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Old 03-22-2010, 10:23 AM   #83
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The 1.2 trillion dollar figure is a number that originated outside the CBO process. CBO stated that there was some uncertainty in the numbers that made a precise year by year estimate impractical, but did give a broad estimate of savings in terms of GDP. Commentators multiplied the GDP change out to arrive at the 1.2 trillion dollar figure.

http://www.cbo.gov/ftpdocs/108xx/doc...orrection1.pdf

That's good color. But they do, indeed, project that the legislation will result in deficit reduction in the second decade.
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Old 03-22-2010, 10:48 AM   #84
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That's good color. But they do, indeed, project that the legislation will result in deficit reduction in the second decade.
True, but how much credence do you give to forecasts 10-20 years out?
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Old 03-22-2010, 11:06 AM   #85
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I predict that the new health care bill will only help half as much as its supporters claim it will. I also predict that the health care bill will only hurt half as much as its opponents say it will. I also predict that medical care costs will continue to rise at an unacceptable rate and eventually more drastic action will be required.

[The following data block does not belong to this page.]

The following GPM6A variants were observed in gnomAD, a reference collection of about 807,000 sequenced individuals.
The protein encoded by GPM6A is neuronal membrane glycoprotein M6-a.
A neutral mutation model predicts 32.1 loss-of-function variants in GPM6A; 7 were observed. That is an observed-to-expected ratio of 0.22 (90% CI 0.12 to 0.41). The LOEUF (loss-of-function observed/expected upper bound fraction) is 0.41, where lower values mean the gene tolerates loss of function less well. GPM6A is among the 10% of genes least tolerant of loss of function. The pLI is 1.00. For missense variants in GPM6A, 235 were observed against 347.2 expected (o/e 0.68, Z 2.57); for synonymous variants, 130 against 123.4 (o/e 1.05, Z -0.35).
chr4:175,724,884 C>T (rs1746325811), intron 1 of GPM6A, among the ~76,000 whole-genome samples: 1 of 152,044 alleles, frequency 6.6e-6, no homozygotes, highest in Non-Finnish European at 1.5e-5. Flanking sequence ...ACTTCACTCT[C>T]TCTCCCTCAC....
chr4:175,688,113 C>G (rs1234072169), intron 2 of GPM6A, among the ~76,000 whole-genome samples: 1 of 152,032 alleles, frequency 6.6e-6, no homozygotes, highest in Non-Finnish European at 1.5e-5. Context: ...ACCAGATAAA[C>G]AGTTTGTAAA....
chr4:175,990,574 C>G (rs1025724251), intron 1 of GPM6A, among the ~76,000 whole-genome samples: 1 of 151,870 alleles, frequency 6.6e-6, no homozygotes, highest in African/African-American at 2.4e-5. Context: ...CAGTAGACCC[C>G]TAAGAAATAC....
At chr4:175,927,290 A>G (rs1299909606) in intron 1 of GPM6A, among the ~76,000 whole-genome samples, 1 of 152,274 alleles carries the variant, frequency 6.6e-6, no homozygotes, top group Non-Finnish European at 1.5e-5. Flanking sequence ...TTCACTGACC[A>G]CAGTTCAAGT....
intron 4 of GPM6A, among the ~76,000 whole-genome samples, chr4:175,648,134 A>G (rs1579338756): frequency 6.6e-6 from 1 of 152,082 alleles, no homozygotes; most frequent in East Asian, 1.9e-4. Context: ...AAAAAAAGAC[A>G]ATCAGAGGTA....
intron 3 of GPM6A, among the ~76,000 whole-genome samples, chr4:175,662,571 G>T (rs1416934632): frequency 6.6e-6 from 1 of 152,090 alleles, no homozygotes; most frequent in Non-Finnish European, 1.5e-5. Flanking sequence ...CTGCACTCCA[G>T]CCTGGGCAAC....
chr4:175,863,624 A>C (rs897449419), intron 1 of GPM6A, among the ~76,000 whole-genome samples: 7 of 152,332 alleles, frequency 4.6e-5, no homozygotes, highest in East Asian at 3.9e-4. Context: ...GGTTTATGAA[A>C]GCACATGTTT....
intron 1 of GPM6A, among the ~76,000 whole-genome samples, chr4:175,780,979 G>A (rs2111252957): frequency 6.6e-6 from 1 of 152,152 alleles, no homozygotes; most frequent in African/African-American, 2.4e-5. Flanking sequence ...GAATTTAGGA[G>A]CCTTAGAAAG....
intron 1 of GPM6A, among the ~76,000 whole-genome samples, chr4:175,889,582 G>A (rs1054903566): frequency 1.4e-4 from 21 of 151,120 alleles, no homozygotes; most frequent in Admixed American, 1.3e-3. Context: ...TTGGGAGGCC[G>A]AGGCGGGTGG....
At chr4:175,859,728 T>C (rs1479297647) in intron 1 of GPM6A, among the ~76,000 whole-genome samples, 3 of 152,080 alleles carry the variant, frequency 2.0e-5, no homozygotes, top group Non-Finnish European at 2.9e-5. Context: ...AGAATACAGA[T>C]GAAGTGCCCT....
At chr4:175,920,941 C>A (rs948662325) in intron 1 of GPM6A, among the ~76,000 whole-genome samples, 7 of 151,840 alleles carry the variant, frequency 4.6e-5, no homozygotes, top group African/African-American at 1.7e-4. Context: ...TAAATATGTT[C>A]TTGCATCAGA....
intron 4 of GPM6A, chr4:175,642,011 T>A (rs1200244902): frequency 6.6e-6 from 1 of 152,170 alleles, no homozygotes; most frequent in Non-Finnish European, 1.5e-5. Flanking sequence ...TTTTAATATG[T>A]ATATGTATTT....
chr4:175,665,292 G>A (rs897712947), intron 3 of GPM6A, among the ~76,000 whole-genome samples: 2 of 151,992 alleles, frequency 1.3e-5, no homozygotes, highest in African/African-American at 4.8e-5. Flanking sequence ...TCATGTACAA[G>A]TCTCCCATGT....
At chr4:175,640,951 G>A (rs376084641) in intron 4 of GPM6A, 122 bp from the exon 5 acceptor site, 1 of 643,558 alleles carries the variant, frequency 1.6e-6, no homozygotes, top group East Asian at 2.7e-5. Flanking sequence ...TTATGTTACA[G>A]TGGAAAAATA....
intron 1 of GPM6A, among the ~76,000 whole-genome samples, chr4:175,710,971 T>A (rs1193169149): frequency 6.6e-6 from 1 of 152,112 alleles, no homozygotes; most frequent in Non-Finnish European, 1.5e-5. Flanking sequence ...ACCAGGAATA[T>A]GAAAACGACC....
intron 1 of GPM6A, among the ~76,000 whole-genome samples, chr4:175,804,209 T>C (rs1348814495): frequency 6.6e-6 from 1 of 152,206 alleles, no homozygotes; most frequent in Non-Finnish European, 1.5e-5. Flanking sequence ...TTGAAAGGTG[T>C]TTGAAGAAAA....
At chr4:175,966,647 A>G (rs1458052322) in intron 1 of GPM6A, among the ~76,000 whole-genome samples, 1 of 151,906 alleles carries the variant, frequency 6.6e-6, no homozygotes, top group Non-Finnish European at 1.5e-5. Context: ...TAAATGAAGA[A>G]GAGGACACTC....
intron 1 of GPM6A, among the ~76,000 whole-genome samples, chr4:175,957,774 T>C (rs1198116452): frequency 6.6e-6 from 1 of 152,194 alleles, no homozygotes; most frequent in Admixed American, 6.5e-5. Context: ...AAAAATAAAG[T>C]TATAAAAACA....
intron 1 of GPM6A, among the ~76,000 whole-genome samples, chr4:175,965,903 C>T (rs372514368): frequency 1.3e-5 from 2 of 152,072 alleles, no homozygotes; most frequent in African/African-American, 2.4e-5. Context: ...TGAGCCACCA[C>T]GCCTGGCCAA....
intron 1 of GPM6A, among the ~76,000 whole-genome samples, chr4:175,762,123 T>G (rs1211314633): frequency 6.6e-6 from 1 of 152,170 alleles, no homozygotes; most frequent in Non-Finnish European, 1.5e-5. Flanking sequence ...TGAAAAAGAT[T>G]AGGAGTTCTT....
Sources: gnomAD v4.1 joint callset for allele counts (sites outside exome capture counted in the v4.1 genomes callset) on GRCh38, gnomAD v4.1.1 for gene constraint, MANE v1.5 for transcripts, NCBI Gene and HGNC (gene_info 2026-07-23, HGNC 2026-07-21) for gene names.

I also predict that anyone posting on this subject will not change a single person's mind*.



* or a married person's mind
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Old 03-22-2010, 11:14 AM   #86
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I don't think anyone has the answer to that question, but it is a reasonable conclusion from the following points (which I think are relatively uncontroversial).

1) People without health insurance have worse health outcomes than those that do